Some passengers step off international flights looking and feeling no worse for wear; others stagger off, exhausted and coughing. The seat you book could play a major role in determining which camp you fall into. First class is preferable in terms of comfort, of course. It's also not an option for many travelers: On an international flight, a premium ticket often costs thousands of dollars more than an economy one. It's possible to get comfortable and stay comfortable even in the cheap seats. Choosing the right one depends on your priorities – but in general, a window seat near the middle of the plane is ideal.

The Best Seats for: Sleeping

This one's common sense: a window seat is the best place to catch some ZZZ on a long flight. No one has to climb over you, and the plane wall provides a place to rest your head. Avoid window seats near bathrooms and flight attendant stations. Check which seats are still available when checking in for a flight. A window seat with an empty seat next to it is the perfect sleeping arrangement.

The Best Seats for: A Smooth Ride

Turbulence is never fun. Six or seven hours of turbulence is downright miserable. There's no way to avoid it altogether on a plane, but sitting near the wings is the best bet. That's the aircraft's center of gravity, and people sitting there should feel a little less movement than passengers sitting in the front or rear of the plane. Exactly which seats are positioned over the wings varies depending on the plane. On the large planes used for international flights, it's usually either premium/business-class seats or the first several rows of coach/economy seats that are located in the very center of the plane.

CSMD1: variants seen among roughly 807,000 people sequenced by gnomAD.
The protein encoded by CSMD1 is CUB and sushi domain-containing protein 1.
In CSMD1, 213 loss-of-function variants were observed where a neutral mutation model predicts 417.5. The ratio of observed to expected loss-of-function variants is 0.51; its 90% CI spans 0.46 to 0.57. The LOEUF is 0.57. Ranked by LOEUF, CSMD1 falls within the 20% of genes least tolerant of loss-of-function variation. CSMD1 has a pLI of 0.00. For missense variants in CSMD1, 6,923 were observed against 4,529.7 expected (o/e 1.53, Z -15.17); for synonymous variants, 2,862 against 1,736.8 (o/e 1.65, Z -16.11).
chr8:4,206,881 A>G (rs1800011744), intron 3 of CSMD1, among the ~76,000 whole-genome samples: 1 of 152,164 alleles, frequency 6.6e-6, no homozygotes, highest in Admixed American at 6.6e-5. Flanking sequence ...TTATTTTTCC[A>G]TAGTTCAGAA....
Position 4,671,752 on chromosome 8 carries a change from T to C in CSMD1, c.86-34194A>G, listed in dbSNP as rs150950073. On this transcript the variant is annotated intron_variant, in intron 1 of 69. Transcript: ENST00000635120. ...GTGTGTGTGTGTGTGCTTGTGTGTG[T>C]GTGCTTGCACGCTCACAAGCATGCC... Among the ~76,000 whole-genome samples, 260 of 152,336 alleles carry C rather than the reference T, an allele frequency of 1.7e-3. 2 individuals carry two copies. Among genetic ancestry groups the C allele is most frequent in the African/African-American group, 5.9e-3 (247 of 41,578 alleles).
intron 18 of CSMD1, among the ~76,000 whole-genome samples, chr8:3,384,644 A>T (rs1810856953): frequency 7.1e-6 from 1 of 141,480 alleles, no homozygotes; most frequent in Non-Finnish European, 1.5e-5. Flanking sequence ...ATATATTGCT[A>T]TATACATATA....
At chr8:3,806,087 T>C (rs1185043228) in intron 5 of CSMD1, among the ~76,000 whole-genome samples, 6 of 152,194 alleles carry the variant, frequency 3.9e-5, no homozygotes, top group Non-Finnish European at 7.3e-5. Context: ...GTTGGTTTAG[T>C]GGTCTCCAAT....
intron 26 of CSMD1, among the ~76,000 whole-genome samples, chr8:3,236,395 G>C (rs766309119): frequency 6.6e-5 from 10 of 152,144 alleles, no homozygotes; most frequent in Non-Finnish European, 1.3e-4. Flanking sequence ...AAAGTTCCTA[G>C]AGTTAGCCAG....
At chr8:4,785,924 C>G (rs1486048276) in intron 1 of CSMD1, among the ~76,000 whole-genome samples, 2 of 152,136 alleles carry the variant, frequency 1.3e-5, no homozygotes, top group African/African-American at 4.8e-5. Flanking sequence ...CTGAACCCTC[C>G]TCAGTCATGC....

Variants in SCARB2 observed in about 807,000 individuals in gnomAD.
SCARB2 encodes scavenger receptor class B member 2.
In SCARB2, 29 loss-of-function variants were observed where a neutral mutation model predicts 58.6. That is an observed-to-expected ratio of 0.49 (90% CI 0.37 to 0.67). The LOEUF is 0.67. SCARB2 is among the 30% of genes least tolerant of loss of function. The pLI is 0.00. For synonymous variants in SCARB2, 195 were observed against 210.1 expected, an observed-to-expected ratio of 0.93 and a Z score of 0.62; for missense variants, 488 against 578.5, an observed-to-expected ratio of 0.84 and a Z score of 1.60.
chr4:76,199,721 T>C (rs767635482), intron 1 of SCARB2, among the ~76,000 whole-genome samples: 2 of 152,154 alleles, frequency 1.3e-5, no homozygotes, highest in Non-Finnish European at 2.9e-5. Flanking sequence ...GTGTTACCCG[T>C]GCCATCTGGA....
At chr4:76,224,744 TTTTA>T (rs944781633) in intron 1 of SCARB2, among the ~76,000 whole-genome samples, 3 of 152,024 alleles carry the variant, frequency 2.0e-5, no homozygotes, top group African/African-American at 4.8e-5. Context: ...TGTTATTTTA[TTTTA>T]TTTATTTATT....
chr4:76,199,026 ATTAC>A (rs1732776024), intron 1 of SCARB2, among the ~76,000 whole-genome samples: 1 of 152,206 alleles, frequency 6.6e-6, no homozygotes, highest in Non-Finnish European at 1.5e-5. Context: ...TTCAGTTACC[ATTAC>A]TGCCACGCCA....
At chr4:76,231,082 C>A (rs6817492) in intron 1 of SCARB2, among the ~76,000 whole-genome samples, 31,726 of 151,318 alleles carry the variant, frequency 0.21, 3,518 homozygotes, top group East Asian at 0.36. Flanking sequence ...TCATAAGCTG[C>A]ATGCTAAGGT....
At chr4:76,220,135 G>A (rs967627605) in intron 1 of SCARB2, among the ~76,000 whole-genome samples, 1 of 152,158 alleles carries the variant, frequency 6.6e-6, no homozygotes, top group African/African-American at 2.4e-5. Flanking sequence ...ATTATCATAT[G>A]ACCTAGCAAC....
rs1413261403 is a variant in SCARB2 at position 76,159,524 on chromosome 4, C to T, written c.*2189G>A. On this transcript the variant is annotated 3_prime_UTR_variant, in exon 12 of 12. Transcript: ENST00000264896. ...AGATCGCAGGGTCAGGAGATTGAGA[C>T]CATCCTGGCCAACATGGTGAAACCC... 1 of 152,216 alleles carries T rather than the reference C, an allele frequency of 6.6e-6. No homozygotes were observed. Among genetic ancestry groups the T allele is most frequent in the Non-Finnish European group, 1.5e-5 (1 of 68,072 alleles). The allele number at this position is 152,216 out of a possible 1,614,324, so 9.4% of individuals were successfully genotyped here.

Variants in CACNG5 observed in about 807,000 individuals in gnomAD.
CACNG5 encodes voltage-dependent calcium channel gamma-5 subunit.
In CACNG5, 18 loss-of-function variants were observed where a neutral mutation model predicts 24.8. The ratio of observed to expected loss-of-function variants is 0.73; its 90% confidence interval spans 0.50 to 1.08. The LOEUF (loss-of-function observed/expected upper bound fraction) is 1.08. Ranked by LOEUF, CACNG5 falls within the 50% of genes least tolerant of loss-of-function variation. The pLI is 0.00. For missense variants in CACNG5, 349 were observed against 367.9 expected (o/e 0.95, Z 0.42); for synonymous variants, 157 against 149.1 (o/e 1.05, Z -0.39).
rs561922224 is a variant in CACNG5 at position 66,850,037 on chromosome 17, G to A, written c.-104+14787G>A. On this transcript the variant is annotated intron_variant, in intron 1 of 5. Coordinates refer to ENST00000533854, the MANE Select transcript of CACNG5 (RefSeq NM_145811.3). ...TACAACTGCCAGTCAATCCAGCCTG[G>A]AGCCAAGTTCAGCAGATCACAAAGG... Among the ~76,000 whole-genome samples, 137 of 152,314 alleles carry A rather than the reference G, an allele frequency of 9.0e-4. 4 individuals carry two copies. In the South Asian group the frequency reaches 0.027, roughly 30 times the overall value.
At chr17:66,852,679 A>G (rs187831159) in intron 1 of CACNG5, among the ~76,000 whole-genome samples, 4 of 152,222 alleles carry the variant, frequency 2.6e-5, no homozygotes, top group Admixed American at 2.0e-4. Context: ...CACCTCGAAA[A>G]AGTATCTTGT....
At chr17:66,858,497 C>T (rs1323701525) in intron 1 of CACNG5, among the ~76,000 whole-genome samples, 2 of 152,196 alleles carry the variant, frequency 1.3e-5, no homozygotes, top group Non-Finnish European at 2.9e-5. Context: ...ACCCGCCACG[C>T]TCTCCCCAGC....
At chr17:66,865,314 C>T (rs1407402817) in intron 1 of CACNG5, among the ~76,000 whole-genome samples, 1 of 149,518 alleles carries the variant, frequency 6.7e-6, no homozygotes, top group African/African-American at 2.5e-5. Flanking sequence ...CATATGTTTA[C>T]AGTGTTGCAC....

The Best Seats for: Staying Healthy

A long international flight is a perfect environment for germs to thrive in. In close quarters, sick passengers can easily contaminate others with airborne diseases and viruses. One study done by Emory University and Boeing found that people in window seats have the least contact with those germs. It makes sense; as sick people walk up and down the aisles, passengers in aisle seats are in direct contact with them. Sitting by the window provides a buffer. The other factor is that people in window seats don't leave their seats as often as those in aisle seats, again limiting their exposure. Even a middle seat is preferable to an aisle seat when staying healthy is a major concern.

The Best Seats for: Leg Room

When first class or premium seats aren't in the budget, bulkhead seats – those positioned right behind one of the walls that divide the plane into sections – provide the best leg room. Of course, that also makes them hard to get. If bulkhead seats aren't available, aim for an exit row or look into redeeming any airline points you've accrued for an upgrade to a seat with extra leg room. In most cases, the only way to get more space is to pay for it. Consider doing just that. If there's ever a time to pay extra for more leg room, an international flight is it. More space equals greater comfort, which means you're better rested upon landing. That makes it easier to shake off jet lag quickly and hit the ground running.